• How can we improve it so that our customers like it even more?

  • What do we stand for?

  • What do we believe in?

  • What makes us a great business to buy from?

  • How do they want us to behave?

  • What do our customers want today and what will they want tomorrow?

  • How do we turn brand-like to brand-love?

You don’t complete this exercise in 20 minutes. It takes a few ideas-sessions to create a meaningful imprint. Involve people, inside and outside your business. Take some time and define your business’s identity. Put yourself in the customer’s shoes – Why would I want to buy from you? How will you make me happy? What makes you different to the people I use right now?

When you think you’ve done enough, go to Step 3. Your life-long job after this will be to test and refine. Your brand will evolve day after week after month, forever. You will tweak it, change it and evolve it to stay ahead of the game – and the competition.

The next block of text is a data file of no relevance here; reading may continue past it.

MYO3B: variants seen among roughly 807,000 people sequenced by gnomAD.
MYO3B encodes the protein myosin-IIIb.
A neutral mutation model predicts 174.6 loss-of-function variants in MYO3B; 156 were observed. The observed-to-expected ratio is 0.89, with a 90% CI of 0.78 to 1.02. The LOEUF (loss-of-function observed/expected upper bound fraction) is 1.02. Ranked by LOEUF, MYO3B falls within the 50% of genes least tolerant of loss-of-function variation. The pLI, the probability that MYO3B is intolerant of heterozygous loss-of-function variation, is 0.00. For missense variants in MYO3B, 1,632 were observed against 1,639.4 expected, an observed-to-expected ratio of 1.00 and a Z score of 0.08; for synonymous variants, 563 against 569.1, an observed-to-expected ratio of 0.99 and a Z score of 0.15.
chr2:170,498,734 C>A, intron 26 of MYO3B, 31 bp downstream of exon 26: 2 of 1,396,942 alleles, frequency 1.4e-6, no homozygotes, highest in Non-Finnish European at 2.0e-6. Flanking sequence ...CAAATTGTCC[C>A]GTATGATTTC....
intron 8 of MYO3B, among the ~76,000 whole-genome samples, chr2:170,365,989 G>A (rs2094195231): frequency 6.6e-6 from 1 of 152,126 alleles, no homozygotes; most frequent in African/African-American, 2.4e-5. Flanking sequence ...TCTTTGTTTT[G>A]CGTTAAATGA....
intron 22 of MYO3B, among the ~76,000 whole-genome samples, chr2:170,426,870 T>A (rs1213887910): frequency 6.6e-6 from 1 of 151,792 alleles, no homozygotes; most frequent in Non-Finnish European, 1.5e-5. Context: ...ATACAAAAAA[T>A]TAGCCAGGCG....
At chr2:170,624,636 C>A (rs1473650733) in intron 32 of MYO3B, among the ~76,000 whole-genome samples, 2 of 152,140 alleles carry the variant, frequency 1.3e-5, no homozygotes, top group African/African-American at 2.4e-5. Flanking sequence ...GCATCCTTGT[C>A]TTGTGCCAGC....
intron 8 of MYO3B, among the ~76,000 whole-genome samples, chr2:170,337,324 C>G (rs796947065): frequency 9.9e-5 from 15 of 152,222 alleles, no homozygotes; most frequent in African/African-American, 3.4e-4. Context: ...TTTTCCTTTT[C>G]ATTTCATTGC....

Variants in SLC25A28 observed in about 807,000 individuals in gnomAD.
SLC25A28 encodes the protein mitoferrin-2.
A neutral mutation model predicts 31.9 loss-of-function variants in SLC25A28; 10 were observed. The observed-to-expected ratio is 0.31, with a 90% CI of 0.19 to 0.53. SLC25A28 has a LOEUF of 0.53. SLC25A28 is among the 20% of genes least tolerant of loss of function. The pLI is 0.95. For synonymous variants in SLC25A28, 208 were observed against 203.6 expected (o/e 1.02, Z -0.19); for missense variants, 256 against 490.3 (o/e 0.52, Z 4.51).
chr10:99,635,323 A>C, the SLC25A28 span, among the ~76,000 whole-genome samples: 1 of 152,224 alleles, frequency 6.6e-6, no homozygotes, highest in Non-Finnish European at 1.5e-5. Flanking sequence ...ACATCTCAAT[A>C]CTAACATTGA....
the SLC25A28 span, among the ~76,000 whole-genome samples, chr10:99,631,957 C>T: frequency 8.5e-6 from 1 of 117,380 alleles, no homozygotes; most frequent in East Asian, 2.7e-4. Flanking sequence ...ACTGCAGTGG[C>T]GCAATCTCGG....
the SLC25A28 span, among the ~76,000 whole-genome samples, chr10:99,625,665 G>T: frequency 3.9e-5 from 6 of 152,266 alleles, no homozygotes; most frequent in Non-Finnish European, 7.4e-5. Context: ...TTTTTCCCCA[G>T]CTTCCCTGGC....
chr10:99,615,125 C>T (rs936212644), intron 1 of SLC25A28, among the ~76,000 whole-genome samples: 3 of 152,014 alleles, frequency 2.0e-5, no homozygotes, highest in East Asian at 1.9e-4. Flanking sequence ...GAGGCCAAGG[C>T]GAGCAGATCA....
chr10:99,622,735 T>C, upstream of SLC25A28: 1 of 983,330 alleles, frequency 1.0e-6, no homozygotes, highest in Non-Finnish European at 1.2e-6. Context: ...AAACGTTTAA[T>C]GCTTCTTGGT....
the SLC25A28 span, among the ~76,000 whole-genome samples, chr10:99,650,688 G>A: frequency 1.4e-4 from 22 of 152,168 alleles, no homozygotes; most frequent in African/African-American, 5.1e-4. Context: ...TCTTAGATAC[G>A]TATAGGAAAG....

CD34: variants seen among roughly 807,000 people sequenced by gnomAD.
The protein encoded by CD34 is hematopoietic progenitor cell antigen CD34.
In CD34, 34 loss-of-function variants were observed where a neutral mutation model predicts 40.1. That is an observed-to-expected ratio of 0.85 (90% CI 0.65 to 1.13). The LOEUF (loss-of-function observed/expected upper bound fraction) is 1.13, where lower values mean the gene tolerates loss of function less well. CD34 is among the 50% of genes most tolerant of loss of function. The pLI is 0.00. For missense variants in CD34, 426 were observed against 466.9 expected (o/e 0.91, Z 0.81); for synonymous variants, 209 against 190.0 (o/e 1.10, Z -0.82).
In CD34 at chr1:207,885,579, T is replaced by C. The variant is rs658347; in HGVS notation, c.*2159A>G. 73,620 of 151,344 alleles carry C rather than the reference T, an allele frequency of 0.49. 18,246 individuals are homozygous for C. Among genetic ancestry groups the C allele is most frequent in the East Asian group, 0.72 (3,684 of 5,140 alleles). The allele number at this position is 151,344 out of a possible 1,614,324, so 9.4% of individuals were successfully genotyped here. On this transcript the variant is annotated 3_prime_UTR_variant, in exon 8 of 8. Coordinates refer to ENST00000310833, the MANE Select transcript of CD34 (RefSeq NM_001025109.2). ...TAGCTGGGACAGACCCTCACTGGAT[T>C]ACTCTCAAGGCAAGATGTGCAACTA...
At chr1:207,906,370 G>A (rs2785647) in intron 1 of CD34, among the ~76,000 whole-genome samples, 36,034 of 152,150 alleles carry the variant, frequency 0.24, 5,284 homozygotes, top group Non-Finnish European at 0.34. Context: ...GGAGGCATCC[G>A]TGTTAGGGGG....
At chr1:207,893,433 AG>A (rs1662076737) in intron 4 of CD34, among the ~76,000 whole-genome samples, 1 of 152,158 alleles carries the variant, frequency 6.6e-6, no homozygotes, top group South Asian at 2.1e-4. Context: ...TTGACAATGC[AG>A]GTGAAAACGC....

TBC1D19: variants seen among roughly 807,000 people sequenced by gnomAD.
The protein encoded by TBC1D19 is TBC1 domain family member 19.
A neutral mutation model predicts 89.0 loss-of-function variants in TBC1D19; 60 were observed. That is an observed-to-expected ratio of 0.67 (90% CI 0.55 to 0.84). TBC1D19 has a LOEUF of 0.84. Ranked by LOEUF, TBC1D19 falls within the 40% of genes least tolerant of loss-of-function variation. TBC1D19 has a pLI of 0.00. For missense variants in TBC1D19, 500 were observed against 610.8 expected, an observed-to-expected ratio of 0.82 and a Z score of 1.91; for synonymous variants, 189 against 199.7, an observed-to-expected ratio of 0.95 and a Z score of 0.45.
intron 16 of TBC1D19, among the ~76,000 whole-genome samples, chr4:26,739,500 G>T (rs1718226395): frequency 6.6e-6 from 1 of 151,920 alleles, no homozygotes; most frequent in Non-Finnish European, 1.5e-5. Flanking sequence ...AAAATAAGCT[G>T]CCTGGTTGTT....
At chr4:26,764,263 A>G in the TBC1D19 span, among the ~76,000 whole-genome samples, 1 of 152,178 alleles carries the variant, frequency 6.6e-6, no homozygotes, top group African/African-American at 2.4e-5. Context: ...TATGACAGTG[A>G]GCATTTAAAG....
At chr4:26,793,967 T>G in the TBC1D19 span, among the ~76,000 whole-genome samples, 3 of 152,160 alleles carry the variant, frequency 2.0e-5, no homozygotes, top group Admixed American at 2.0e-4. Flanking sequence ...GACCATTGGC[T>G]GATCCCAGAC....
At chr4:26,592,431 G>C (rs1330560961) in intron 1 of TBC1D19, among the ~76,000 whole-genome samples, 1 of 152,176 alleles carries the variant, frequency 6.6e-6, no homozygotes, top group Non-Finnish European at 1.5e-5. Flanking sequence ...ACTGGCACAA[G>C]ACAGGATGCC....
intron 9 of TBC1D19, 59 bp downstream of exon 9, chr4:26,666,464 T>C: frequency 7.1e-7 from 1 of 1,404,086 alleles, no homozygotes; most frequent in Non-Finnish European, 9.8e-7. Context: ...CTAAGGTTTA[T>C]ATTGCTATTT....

Step 3: Communicate It

You can have the greatest brand in the world but if you don’t communicate it, who will know? And when you communicate your brand, there’s a purpose behind it. Go back to a little earlier:

And if you own that business, you probably spend a fair percentage of your time wishing for an easier life, an easier income, more repeat customers, more certainty and as much holiday as you can get.

There are endless ways to communicate your brand in pursuit of new customers, and to nurture existing ones, including:


  • Banners outside your business

  • Banners inside your business

  • Straplines on staff uniforms

  • Educating your staff to communicate in a particular way

  • Customer greetings and follow-ups